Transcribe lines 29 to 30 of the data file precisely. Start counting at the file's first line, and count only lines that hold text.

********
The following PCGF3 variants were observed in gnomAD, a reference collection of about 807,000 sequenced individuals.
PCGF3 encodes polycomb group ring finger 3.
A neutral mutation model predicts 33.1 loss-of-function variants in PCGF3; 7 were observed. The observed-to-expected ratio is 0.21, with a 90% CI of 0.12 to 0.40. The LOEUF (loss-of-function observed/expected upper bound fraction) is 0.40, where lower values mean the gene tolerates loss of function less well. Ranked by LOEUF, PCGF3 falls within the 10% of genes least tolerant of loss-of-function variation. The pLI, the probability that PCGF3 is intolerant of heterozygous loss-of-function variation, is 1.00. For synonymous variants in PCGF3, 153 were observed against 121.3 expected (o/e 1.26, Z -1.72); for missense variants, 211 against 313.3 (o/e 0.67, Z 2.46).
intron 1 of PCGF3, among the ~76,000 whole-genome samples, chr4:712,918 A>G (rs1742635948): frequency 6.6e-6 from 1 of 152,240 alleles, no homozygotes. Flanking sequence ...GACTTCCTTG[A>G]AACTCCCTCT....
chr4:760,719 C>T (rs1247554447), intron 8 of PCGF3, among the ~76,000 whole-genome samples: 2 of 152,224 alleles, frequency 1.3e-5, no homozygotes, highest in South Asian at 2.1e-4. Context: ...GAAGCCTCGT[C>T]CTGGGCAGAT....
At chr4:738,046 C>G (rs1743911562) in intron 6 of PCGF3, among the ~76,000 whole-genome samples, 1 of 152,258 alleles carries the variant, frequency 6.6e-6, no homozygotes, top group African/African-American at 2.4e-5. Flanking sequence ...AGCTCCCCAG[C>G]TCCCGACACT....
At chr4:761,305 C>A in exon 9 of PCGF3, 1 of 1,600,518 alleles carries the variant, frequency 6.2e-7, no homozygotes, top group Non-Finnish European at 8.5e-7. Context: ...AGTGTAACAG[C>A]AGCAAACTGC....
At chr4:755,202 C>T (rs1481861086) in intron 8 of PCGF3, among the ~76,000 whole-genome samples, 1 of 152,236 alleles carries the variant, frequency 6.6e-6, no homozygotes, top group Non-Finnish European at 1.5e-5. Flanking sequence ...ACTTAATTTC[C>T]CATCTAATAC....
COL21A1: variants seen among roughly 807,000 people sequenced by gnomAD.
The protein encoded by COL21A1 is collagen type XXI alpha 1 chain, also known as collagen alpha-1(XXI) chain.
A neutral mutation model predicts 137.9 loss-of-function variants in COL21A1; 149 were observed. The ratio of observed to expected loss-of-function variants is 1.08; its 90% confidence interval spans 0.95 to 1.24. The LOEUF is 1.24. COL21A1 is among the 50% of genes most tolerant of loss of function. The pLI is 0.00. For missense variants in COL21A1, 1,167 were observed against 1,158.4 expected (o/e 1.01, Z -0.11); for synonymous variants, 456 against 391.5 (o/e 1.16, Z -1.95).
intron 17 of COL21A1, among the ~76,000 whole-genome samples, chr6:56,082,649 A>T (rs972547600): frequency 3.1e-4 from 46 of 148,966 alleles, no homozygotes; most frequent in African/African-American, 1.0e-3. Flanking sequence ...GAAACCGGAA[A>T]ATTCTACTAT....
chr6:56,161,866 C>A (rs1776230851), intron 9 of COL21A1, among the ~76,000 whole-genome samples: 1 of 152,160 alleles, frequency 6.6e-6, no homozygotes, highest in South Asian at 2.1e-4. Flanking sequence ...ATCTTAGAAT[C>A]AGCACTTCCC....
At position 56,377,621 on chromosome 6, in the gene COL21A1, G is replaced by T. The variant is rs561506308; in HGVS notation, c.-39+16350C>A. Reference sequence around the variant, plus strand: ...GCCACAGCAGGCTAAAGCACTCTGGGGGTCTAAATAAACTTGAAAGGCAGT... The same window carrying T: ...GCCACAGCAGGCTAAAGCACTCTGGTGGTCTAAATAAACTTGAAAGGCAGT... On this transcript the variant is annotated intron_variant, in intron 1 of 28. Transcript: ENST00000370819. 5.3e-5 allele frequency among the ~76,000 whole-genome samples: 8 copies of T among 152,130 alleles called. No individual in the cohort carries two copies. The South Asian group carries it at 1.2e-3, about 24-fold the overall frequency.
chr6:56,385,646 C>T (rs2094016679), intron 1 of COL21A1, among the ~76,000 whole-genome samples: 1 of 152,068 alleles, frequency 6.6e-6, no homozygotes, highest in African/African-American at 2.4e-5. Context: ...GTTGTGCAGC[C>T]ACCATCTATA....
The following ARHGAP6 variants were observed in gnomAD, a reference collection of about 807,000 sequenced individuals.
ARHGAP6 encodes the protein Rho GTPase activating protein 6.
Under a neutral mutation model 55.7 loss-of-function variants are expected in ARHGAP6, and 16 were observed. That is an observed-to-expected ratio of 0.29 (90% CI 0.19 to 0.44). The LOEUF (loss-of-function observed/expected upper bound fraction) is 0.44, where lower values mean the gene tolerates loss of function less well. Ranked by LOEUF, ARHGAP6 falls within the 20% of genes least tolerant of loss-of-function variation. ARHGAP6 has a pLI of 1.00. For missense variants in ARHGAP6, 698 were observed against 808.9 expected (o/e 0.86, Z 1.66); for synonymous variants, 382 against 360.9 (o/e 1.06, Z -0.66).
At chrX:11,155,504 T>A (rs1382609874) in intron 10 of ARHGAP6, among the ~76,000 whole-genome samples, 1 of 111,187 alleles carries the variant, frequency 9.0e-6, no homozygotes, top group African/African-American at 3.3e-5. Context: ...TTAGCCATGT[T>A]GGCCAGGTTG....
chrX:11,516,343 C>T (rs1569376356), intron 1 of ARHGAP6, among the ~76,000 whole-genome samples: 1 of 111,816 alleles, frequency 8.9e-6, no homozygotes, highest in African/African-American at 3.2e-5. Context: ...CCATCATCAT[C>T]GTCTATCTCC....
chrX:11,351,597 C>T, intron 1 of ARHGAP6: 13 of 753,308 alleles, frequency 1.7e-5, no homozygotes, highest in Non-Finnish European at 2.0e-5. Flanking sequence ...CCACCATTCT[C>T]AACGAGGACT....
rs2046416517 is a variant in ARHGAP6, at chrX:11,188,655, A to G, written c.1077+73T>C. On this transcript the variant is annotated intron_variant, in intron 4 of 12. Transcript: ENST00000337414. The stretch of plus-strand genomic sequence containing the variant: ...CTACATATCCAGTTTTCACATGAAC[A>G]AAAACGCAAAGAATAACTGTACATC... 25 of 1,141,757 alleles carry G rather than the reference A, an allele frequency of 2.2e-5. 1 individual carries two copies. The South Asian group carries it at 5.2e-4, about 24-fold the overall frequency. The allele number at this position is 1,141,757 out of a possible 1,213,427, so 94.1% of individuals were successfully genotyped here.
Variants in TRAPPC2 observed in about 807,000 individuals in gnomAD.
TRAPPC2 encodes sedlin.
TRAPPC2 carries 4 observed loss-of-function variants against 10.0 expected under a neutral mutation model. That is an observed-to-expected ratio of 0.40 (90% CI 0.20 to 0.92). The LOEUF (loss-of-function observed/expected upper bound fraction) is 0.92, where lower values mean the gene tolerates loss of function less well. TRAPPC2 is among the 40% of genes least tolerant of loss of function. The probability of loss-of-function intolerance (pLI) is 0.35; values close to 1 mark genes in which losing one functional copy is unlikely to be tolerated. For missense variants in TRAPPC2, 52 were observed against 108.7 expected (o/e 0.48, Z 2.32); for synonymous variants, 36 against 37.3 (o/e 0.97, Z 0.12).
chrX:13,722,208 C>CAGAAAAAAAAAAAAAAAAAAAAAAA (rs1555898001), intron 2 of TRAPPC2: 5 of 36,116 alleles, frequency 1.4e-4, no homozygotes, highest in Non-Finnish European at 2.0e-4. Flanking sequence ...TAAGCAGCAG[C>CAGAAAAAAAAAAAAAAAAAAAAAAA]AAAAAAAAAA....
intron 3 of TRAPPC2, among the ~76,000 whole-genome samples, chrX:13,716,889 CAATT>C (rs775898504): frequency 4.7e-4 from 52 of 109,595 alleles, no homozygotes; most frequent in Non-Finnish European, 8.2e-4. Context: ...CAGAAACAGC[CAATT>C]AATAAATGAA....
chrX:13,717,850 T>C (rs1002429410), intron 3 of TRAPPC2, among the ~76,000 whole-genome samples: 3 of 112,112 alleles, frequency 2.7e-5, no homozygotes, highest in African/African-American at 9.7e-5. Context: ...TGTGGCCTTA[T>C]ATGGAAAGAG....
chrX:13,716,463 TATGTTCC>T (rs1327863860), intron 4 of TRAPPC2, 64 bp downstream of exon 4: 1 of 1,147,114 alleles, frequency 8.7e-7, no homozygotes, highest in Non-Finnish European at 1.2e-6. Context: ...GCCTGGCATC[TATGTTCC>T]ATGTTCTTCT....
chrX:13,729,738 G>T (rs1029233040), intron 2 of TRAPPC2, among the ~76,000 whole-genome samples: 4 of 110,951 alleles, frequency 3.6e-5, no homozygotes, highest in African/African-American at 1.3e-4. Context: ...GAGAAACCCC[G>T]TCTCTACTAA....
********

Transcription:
chrX:13,716,463 TATGTTCC>T (rs1327863860), intron 4 of TRAPPC2, 64 bp downstream of exon 4: 1 of 1,147,114 alleles, frequency 8.7e-7, no homozygotes, highest in Non-Finnish European at 1.2e-6. Context: ...GCCTGGCATC[TATGTTCC>T]ATGTTCTTCT....
chrX:13,729,738 G>T (rs1029233040), intron 2 of TRAPPC2, among the ~76,000 whole-genome samples: 4 of 110,951 alleles, frequency 3.6e-5, no homozygotes, highest in African/African-American at 1.3e-4. Context: ...GAGAAACCCC[G>T]TCTCTACTAA....